Rage, Honor and Curtain Calls

Last lines. Those parting words that echo on as we fade to black. “Well, nobody’s perfect.” “Louis, I think this is the beginning of a beautiful friendship.” "Forget it, Jake... it's Chinatown." Often a single pithy phrase can elucidate the essence of an entire film.

Consider the last line from Rage and Honor (1992). Australian ex-pat cop Preston Michaels (Richard Norton) hitches a ride to anywhere from a nameless good ol’ boy in a mustard-yellow pick-up. The trucker, in a flabby stab at small talk, inquires if the Aussie is enjoying his visit to the States. Michaels stares right through him. The trucker turns and issues a thick stream of chaw out the window. He turns back and shrugs, “Aw, who gives a shit?”

There’s not much to “give a shit” about in writer-director Terence H. Winkless’s middling effort. At its heart, it’s a story of sibling rivalry. As children, Kris Fairchild (Cynthia Rothrock) and Conrad Drago (Brian Thompson), were the victims of a vicious family assault that turned the little darlings into a pair of orphans. They were adopted by a sensei who schooled them in the martial arts. But our young Conrad, he had hate in his heart, and he took his revenge upon his parents’ murderers. This did not please the sensei - for revenge is an act without honor - and he set Conrad free to the mean streets of Los Angeles.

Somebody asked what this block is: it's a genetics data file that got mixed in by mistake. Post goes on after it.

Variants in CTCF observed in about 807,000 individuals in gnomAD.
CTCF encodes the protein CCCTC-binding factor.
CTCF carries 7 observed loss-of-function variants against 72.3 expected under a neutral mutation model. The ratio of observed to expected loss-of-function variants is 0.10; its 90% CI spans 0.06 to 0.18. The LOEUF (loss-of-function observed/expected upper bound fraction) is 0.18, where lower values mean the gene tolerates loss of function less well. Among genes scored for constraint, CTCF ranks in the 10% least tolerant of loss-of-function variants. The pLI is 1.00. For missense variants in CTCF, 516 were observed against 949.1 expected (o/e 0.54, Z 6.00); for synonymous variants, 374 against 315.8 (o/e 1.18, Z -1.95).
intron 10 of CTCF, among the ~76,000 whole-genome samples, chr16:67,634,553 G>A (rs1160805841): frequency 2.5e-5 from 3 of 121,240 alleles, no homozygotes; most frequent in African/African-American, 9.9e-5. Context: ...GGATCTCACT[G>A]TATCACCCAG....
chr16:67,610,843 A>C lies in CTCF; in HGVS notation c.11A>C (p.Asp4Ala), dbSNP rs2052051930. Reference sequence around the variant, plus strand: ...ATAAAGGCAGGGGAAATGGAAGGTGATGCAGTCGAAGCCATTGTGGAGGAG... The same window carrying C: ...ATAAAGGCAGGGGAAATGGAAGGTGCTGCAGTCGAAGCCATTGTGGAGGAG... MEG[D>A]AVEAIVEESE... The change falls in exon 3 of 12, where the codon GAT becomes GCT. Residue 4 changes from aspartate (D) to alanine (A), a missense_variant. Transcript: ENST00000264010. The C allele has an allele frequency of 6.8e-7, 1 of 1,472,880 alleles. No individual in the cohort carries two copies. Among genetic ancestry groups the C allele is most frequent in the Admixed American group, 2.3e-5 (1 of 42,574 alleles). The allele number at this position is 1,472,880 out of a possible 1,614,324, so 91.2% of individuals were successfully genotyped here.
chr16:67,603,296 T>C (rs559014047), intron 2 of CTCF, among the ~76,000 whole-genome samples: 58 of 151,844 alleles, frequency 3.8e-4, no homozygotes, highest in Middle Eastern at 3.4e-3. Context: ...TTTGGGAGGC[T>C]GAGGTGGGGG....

Flash forward two decades. Roll film. Kris is now an inner-city school teacher who also runs her deceased master’s dojo. Conrad has become a crime kingpin. He spends his days ensconced in his shady criminal lair - engaging in various forms of self-abuse, chop-sockying ice-blocks in half and bedding his psycho-sexual moll, Rita Carrion (Terri Treas). Inevitably, brother and sister will meet for one final confrontation - but in between we are treated to a convoluted plot of drugs, dirty cops, voyeurism and a lot of dull, poorly photographed fight sequences.

Brian Thompson’s sinisterly subdued performance is one of the few things to recommend here. As our leads, Rothrock is glassy and vacant - thankfully, partner Norton has his own raffish charm and he’s wisely been given all the best lines. Their comic-foil, Stephen Davies turns in a cheerily loose-limbed burlesque as Baby, a drug-addled former junk bond trader. But the film’s best moments belong to Alex Datcher. Her Hanna the Hun is the Grande Dame of a Sapphic sisterhood of lace-and-leather toughies. She plays it big: like a back-alley Eartha Kitt in a pair of torn fish-nets. She slowly savors every carefully elocuted line, letting them hang in the air with lip-smacking relish. She genuinely seems to be having fun. If only we were.


Post a Comment